Sedum divergens (Spreading Stonecrop) is a sprawling succulent with branched stems that root at the nodes and glossy green or reddish…
The fast growing trees of a region are most often the native trees since these trees are most adapted to the specific climate of the region. The Pacific Northwest is home to the world’s largest stands of coniferous trees like spruces, firs and redwoods. These and other native trees cover the islands and the coastal slopes in the Pacific Northwest region from Oregon to Central Alaska. The Pacific Northwest has 134 native and naturalized trees. The fastest growing trees of the region include the pacific silver fir, native spruce, Alaska cedar, the common juniper and the redwood trees.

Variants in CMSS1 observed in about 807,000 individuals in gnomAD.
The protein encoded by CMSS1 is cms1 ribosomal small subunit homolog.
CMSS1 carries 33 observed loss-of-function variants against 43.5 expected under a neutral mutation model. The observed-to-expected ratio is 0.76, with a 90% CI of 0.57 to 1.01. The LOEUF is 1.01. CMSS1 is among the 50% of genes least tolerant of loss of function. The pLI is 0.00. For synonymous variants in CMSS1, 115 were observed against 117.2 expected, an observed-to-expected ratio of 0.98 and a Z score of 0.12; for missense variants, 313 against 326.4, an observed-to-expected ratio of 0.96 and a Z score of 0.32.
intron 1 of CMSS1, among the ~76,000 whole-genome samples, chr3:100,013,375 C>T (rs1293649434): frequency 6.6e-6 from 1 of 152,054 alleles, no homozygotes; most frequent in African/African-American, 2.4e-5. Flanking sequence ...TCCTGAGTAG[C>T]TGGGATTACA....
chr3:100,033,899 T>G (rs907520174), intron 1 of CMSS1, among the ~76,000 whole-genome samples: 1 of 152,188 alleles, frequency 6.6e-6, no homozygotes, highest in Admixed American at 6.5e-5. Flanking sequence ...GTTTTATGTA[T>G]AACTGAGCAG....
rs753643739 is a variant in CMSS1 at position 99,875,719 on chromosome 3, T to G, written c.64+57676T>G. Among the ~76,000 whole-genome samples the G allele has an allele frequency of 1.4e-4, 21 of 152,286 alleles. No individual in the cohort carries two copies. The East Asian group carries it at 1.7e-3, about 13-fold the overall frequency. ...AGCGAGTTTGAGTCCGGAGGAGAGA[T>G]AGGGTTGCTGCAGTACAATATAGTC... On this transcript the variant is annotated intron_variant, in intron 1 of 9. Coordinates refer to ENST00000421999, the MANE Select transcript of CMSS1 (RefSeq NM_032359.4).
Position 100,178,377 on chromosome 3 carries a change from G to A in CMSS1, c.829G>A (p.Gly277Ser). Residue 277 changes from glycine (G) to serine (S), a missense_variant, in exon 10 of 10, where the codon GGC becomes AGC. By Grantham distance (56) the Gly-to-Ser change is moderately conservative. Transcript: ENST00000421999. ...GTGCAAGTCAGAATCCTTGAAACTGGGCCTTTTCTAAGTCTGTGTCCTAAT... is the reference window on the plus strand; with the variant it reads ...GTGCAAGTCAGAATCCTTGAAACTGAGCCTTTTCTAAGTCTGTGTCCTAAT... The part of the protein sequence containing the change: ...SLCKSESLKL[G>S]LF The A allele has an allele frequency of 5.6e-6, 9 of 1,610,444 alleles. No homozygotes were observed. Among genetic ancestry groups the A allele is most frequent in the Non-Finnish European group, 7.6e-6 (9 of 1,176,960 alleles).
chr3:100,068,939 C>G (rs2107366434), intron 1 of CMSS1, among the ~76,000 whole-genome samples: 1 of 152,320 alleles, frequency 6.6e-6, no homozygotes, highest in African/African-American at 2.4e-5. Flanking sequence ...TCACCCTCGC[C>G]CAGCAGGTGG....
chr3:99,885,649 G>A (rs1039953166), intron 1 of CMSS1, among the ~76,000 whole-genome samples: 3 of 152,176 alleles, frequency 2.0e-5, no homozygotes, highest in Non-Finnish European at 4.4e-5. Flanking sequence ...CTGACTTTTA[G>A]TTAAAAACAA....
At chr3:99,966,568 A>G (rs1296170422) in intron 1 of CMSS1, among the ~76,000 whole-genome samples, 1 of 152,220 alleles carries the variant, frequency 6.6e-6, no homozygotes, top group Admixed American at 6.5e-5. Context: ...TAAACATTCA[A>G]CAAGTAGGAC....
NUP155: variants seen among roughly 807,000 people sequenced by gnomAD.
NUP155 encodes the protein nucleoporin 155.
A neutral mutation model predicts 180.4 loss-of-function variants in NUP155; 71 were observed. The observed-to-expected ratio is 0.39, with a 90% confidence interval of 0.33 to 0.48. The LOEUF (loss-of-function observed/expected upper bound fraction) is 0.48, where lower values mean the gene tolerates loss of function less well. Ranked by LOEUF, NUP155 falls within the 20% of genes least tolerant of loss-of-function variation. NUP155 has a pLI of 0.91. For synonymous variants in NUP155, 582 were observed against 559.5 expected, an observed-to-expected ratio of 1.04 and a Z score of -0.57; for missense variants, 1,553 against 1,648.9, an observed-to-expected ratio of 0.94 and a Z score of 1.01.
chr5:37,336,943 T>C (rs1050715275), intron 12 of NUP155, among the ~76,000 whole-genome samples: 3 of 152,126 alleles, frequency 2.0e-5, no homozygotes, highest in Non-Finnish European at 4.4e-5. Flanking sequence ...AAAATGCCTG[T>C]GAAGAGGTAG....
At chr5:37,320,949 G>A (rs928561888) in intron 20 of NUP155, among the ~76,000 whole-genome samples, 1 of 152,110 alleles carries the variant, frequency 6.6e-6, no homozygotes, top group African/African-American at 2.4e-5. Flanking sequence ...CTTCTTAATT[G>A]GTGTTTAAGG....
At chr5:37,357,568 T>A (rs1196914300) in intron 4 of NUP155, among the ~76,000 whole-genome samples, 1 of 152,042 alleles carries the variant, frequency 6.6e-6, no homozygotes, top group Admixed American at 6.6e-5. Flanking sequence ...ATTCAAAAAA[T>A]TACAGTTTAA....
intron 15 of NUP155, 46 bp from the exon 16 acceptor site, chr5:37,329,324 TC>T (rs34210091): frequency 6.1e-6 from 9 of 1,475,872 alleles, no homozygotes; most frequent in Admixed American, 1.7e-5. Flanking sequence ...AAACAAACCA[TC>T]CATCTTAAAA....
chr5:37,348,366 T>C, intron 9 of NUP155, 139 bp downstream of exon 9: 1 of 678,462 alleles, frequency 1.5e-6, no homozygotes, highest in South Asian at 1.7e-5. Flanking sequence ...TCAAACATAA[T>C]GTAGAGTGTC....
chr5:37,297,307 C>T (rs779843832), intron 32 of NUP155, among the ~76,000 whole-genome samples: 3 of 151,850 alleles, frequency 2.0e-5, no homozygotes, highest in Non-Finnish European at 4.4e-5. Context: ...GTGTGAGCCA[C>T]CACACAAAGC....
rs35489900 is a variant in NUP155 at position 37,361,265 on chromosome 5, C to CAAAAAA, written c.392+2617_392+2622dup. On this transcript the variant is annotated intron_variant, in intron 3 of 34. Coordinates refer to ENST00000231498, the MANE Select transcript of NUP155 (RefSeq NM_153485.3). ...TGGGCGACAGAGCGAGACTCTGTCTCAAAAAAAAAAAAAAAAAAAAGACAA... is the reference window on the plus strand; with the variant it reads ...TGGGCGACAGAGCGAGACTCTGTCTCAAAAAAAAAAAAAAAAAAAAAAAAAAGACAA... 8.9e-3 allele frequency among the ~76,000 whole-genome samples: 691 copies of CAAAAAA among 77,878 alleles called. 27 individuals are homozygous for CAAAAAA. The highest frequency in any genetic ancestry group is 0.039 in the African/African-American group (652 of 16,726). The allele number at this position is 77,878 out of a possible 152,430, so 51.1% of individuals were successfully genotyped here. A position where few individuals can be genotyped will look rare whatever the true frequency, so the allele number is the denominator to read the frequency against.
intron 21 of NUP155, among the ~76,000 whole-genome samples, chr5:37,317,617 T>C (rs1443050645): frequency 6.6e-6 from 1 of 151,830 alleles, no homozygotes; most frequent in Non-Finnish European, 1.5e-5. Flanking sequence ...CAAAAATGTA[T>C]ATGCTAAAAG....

Plants are identified by their particular characteristics. Take note of the plant's leaves. Leaves can grow opposite one another or in alternating patterns up the stem. Additionally, their margins, or edges, can be smooth, lobed or serrated. Many Pacific Northwest plants, such as the native Nootka rose and evegreen huckleberry, also produce flowers and fruit. Once you have a complete list of leaf, flower and fruit characteristics, you will be better able to identify your plant with the help of a plant identification guidebook.
Region 2 gardeners face a relatively late growing season from roughly May 31 to Aug. 31. In Washington, lower altitude and coastal areas may have last frost as early as April 6 and as late as early November. Frost can be a problem for fruits and vegetables that take longer to mature. Check with your local extension service, which will have the late frost records for your specific location to help you know when to safely plant. In Washington, it's a good idea to plant varieties that mature more quickly.